At the Jersey Shore, the Election Day routines were always simple; perhaps just a little bit hectic: Mothers and fathers dropped the kids off at school, went to work and, somehow, tried to fit voting in between.
For years, and well into the 1990s, they went to their schools and recreation centers in Point Boro, Long Branch, Brick and elsewhere to pick candidates, using the old-fashioned machines with the tiny pull-down levers. The lever they usually pulled, just about two-thirds of the time, was for Republicans, right on down the line.
The whole thing felt so hectic then, trying to squeeze in a short visit to the rec center and not be late for work. But it all seems so easy now, because there was nothing routine about this past week, a week when a storm packing 89-mph winds changed everybody's routines for a while, maybe forever.
After Hurricane Sandy damaged so much, voting became not only a right; it was a downright challenge. It became something even that, a few admitted, was easy for them to forget to do, because it didn't have the same priority it usually has.
So many were bogged down by the not-so-routine task of tearing up carpets from their water-logged houses, or fishing their cars out of newly formed lakes that formed on their streets. Even though they were picking a president, voting didn't have the same urgency, because these likely voters were too busy calling FEMA to get a damage assessment on a house that was supposed to never see the likes of this.
Yet, somehow, in between the horror and the crying, in between the painstaking task of trying to find a place to live that had heat, and trying to find a place that sold non-perishable food that could fill up their shelves, they did it, anyway.
Many of them had to go out of town to do so, because they couldn't even get home. Hurricane Sandy had sealed off some of the barrier island communities, with police standing at the points of entry, preventing them from getting even within a sniff of their homes, even if they had a boat.
Still, they did it. More than 200,000 of Ocean County's residents, 62 percent of registered voters, voted on Tuesday. The figure was 10 percent lower than it was in 2008, though nearly 20 percent higher than 2010.
Still most did, maybe more than expected. And, yes, in Ocean County, they stuck to one old routine: They largely voted Republican.
In Ocean County, they did put a little drama into it, making a sheriff's race more competitive than it had been in years, and putting Democrats in charge of Barnegat for the first time in a while.
Around noon on Election Day, voters at Barnegat High School reported little to no lines for voting. Later in the day, however, one township official reported "all of the polling places are busy," even as the lines were moving quickly. "We're having a busy but quiet election," the person said.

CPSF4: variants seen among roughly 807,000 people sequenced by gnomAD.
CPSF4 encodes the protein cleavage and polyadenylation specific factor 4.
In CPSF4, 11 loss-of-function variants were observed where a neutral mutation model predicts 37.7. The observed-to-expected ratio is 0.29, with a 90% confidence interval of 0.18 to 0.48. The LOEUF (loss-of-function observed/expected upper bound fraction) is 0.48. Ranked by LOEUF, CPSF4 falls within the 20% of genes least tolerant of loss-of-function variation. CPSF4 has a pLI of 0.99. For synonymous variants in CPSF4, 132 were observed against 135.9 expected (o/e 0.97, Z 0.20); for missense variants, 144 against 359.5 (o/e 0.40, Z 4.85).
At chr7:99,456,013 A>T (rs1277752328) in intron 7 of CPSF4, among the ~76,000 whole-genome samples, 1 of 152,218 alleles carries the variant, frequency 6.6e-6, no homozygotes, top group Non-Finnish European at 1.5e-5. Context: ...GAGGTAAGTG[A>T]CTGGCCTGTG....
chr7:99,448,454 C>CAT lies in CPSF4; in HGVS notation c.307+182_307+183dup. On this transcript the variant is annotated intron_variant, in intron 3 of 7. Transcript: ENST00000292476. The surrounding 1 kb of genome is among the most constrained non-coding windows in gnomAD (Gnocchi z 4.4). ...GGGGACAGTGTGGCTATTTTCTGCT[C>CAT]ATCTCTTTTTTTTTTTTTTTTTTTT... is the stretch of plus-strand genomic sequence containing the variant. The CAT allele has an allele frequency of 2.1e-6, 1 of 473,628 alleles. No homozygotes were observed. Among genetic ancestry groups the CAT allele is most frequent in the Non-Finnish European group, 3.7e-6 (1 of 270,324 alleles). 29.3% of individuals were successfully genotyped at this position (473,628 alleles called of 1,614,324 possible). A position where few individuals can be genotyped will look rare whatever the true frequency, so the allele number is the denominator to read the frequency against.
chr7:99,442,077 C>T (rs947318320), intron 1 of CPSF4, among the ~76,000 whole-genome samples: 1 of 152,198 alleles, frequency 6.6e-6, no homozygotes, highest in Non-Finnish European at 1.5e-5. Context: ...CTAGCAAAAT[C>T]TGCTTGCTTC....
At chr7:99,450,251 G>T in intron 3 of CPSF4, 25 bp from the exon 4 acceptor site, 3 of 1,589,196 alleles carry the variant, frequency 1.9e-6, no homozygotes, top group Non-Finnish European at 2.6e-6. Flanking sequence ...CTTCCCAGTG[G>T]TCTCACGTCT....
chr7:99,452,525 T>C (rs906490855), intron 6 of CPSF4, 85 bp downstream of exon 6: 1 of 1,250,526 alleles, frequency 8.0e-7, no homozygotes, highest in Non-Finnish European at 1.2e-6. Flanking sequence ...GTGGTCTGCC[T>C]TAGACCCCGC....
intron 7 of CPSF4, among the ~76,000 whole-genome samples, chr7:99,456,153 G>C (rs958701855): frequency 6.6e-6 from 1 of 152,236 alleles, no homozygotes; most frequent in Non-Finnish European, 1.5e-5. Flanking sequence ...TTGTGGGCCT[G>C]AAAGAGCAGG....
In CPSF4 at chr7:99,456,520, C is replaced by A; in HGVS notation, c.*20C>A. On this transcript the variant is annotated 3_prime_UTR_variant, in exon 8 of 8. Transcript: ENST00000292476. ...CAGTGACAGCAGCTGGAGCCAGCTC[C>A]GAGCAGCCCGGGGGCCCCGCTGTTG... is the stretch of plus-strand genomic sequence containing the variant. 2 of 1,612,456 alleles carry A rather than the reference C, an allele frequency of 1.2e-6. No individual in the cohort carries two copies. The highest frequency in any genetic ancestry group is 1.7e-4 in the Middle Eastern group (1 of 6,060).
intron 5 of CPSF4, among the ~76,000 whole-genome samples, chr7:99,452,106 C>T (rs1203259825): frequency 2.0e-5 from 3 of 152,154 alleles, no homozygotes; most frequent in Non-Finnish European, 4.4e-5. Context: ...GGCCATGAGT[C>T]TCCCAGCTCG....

Brian Amento, a Long Beach Township resident, voted in Ship Bottom and went through two checkpoints to get there. He filled out provisional ballots.
"I ran into a friend at a polling place and he gave me an electric heater," Amento said.
Up and down the Jersey Shore, Hurricane Sandy tore apart boardwalks, houses and businesses, and threw them out to sea. Water pushed through doors, windows and walls, soaking up homes that were never designed to handle this kind of thing, displacing tens of thousands of people.
From Sandy Hook to Ocean City and Cape May, homes and streets went dark, and many are still in the black, more than a week later. Lines at gas stations have stretched for hours. People raced to firehouses that set up emergency generators so they could charge their computers and phones, and quickly grab some MREs to eat.
For many, more than a week later, life is finally returning to normal, even as another big storm hit the area on Monday. For many others, however, it hasn't.
Still, at firehouses in Bay Head and other Jersey Shore sites, surrounded by homes broken apart, people were walking into buildings they've never been in before, moved from their typical but flood-damaged polling places in Seasie Heights and elsewhere, exercising their constitutional rights.
On Tuesday, Monmouth County libraries were packed with voters. In Howell, 12 voting districts were packed into one location. Traffic was backed up and people were parking in the nearby Walmart to walk to the old Southard School.
Bay Head residents originally were supposed to vote in Point Boro Town Hall. But that was a routine they wouldn't change; they insisted on having voting in their own firehouse.
In Silverton, the firehouse, long a bastion of community spirit, could not serve as the usual voting place for the neighborhood. Instead, more districts were moved to Silver Bay Elementary and Hooper Avenue Elementary. By all accounts, the lines were just as long - or longer - than they've ever been.
At places where emergency personnel have been spending days on end, sleeping in chairs while they dealt around-the-clock with fallen wires, gas fires in Mantoloking and search-and-rescues in Seaside Heights, people were filling out paper ballots, taking as much time as they needed to take.
In some cases, the process was as ardruous as it was when they go to the MVC to get a driver's license. But they did it, even though many of them still don't have a roof over the head, and maybe didn't even have a place to go after they were done. And maybe they won't have one for a while.
Amento treated voting as though it was some sort of oasis. His house is OK, but he had two feet of water.
"When I got there, they gave me a case of water and some apples," he said. "It was very cool and very well organized."